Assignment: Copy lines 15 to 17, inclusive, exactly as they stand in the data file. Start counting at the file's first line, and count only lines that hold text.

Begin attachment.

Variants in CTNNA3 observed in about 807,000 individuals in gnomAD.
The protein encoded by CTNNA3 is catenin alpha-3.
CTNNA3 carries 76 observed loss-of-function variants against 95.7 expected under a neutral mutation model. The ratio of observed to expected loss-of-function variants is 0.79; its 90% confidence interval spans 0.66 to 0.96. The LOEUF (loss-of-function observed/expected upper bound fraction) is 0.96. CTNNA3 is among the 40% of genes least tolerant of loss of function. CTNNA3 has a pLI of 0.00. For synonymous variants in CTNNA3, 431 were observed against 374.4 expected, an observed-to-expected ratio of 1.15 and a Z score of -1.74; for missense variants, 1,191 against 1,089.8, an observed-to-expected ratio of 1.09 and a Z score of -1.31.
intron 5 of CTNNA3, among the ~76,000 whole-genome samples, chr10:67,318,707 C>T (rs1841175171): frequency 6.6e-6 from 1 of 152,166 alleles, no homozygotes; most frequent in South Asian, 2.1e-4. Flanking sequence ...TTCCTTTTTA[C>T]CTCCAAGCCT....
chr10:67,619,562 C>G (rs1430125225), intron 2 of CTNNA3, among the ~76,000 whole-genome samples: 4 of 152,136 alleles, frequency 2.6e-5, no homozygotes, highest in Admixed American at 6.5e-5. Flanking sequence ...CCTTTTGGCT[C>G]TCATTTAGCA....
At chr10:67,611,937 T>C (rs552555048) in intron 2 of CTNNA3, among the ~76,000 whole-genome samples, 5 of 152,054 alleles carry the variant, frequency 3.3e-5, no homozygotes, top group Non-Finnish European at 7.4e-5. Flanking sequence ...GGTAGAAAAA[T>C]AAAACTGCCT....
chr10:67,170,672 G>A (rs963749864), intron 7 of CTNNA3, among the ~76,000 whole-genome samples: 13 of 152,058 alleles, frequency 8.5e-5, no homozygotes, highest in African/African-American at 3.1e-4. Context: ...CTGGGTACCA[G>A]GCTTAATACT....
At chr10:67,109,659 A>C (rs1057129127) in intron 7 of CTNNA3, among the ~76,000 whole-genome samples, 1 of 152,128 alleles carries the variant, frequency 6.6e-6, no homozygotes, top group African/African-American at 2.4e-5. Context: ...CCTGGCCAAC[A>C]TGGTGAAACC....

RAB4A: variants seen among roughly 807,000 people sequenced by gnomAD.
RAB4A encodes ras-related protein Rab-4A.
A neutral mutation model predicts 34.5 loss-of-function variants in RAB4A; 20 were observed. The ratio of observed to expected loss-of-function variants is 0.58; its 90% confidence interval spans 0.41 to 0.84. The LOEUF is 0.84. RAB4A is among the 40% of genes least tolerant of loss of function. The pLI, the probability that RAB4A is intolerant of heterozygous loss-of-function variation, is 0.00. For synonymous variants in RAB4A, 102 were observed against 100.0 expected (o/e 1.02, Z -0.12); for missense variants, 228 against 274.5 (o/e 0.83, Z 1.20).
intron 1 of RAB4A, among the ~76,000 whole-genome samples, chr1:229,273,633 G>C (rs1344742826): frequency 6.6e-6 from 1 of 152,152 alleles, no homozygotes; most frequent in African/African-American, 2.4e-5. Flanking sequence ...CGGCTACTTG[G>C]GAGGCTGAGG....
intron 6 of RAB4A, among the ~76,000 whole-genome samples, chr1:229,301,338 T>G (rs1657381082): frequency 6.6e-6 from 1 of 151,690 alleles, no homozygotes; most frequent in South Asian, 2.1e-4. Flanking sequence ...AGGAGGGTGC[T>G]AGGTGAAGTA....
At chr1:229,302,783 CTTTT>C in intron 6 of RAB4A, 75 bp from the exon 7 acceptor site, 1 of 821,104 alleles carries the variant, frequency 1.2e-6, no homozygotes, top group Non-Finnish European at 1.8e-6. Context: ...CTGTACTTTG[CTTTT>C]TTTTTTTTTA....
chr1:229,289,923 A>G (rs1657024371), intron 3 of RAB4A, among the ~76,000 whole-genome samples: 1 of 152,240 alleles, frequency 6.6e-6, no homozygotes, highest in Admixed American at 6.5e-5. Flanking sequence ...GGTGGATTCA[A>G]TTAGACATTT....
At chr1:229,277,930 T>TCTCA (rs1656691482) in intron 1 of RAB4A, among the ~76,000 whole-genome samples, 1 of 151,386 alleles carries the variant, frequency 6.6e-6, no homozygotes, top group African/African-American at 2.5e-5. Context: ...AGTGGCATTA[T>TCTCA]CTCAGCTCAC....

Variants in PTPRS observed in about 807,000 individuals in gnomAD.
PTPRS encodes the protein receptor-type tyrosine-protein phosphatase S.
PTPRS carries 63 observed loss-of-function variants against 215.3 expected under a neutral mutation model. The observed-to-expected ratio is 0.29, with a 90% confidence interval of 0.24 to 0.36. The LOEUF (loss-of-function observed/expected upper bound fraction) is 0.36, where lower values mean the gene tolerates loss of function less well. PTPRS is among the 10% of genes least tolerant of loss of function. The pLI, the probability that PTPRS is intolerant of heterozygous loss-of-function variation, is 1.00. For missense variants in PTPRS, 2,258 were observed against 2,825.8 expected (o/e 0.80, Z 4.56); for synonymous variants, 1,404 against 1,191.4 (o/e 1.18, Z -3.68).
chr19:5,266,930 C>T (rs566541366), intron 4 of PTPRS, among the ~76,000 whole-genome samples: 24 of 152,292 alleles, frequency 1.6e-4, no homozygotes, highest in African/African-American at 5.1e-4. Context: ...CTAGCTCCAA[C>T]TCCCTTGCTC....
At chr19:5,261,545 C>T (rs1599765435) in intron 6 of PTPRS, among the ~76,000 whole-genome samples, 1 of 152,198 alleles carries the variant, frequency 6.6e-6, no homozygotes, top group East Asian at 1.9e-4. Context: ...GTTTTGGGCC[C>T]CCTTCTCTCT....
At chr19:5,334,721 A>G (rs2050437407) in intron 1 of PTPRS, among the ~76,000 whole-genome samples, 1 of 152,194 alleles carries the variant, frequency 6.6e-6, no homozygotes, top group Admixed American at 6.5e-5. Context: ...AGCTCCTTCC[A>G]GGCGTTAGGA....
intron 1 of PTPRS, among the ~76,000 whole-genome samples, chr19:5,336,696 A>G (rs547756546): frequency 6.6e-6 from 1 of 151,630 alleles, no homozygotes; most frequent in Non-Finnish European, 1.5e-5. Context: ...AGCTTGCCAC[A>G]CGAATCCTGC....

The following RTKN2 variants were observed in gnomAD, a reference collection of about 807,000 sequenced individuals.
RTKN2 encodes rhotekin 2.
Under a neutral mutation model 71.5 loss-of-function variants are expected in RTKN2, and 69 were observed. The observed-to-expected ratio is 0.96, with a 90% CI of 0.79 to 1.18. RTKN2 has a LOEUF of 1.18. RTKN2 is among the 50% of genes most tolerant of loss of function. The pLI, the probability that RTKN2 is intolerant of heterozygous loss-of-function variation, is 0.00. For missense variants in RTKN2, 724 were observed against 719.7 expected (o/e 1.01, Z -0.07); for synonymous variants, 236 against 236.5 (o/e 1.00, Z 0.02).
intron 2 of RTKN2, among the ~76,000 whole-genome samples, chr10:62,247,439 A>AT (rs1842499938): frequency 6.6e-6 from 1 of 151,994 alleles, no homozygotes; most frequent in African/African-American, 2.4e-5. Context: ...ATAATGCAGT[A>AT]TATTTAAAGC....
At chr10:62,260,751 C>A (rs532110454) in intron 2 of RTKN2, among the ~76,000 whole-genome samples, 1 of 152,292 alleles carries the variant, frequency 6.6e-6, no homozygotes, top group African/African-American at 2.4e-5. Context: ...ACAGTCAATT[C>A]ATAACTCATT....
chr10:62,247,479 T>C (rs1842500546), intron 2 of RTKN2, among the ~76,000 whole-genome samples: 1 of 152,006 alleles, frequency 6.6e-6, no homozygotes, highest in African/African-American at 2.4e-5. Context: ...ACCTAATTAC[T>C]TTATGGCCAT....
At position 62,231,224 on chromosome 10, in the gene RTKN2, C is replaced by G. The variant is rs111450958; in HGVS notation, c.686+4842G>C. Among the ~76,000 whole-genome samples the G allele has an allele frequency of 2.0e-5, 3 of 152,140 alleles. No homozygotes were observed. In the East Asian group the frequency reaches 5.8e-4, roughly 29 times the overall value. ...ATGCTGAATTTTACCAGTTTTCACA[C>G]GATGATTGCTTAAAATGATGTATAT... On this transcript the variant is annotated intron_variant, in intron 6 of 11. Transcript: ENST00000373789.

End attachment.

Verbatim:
chr1:229,289,923 A>G (rs1657024371), intron 3 of RAB4A, among the ~76,000 whole-genome samples: 1 of 152,240 alleles, frequency 6.6e-6, no homozygotes, highest in Admixed American at 6.5e-5. Flanking sequence ...GGTGGATTCA[A>G]TTAGACATTT....
At chr1:229,277,930 T>TCTCA (rs1656691482) in intron 1 of RAB4A, among the ~76,000 whole-genome samples, 1 of 151,386 alleles carries the variant, frequency 6.6e-6, no homozygotes, top group African/African-American at 2.5e-5. Context: ...AGTGGCATTA[T>TCTCA]CTCAGCTCAC....

Variants in PTPRS observed in about 807,000 individuals in gnomAD.